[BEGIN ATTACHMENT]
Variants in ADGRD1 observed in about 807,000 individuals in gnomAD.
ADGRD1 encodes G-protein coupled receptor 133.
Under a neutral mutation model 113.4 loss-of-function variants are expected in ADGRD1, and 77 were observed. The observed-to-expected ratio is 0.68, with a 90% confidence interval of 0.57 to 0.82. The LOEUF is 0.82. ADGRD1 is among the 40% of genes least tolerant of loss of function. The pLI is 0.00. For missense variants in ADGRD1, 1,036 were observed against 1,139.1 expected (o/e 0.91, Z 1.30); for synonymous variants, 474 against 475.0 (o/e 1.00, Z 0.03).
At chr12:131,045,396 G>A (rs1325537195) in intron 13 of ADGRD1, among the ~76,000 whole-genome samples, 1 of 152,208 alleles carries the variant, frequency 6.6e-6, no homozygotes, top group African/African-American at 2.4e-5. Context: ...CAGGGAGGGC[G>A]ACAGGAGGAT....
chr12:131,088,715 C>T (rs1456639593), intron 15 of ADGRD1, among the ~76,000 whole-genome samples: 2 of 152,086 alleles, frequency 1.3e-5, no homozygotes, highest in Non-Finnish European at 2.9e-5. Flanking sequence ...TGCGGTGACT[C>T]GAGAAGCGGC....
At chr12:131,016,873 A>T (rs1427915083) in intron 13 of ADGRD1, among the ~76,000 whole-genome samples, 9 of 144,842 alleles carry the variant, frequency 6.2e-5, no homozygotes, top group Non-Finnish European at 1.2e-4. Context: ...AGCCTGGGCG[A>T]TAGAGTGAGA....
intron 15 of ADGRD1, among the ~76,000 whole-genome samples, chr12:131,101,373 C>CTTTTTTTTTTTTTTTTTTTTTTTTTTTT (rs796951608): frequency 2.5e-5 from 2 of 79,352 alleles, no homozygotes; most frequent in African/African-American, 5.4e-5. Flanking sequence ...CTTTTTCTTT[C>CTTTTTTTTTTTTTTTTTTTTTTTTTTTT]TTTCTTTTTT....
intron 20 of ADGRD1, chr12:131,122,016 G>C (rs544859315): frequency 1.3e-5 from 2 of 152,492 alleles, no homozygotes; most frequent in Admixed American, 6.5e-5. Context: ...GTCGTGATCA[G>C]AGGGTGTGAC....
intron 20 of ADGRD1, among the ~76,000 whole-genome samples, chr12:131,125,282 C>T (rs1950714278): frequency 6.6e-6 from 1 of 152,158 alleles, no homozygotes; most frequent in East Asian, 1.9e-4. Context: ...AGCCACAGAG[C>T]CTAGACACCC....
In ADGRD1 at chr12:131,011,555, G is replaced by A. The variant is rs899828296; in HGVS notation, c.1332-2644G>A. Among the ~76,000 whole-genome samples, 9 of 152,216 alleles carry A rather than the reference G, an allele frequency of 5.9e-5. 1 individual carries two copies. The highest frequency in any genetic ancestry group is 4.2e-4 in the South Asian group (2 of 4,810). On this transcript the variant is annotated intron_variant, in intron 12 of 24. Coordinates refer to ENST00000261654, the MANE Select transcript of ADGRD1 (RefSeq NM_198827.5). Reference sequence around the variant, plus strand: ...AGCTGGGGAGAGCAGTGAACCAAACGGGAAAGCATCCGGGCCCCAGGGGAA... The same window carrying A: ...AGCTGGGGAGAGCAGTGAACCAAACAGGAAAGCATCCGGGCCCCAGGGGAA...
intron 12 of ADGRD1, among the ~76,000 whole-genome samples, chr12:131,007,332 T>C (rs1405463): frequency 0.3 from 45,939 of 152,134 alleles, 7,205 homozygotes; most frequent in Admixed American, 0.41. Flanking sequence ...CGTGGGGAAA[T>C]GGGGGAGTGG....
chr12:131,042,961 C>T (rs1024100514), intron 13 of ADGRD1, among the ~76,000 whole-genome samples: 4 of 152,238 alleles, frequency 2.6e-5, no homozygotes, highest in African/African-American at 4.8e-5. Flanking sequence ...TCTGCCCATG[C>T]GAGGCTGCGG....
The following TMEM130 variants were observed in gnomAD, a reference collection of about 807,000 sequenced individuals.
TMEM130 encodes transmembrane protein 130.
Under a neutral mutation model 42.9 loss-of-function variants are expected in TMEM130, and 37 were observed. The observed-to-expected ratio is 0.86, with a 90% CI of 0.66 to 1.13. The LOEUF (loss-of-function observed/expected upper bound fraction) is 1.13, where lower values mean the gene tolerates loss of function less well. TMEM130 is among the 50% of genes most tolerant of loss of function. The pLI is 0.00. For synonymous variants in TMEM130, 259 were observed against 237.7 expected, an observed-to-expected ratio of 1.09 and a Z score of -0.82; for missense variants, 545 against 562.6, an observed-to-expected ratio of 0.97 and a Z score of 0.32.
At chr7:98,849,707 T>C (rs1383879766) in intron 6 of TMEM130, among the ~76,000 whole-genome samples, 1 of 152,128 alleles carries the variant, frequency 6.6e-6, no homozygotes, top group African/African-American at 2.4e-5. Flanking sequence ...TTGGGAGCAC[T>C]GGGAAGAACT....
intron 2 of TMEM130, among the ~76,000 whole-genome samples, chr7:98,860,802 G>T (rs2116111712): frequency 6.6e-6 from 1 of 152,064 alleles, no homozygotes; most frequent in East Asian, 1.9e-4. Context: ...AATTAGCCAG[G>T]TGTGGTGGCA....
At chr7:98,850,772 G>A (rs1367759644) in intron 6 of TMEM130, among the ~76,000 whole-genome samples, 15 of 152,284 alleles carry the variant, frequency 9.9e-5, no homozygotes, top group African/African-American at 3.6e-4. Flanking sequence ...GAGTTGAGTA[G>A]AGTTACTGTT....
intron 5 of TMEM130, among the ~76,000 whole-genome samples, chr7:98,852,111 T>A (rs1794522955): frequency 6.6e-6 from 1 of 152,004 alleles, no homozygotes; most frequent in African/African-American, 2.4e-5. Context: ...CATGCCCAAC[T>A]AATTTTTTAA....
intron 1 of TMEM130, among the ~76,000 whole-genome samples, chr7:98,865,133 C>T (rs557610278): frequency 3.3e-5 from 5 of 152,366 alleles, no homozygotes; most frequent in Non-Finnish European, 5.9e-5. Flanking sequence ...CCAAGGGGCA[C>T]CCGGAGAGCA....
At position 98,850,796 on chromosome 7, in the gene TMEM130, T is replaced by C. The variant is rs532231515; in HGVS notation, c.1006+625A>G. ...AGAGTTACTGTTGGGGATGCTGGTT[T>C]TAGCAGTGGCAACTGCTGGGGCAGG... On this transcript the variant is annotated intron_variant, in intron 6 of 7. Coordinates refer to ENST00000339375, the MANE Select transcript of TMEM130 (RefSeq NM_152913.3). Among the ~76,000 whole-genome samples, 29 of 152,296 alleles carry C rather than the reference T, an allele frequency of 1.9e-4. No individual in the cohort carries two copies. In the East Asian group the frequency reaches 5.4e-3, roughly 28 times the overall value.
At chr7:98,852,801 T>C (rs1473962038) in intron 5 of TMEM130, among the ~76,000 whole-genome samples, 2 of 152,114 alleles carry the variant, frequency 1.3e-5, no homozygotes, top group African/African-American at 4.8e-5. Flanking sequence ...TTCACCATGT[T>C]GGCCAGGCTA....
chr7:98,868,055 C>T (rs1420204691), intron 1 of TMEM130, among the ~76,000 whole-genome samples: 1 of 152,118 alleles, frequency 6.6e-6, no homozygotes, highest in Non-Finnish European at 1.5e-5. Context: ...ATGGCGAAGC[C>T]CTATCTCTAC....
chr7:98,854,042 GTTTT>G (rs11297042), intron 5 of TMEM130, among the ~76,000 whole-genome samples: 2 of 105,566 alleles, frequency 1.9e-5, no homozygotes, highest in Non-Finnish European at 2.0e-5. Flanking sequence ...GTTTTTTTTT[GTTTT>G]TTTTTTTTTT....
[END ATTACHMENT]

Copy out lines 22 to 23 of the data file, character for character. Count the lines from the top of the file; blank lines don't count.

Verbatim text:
At chr7:98,852,801 T>C (rs1473962038) in intron 5 of TMEM130, among the ~76,000 whole-genome samples, 2 of 152,114 alleles carry the variant, frequency 1.3e-5, no homozygotes, top group African/African-American at 4.8e-5. Flanking sequence ...TTCACCATGT[T>C]GGCCAGGCTA....
chr7:98,868,055 C>T (rs1420204691), intron 1 of TMEM130, among the ~76,000 whole-genome samples: 1 of 152,118 alleles, frequency 6.6e-6, no homozygotes, highest in Non-Finnish European at 1.5e-5. Context: ...ATGGCGAAGC[C>T]CTATCTCTAC....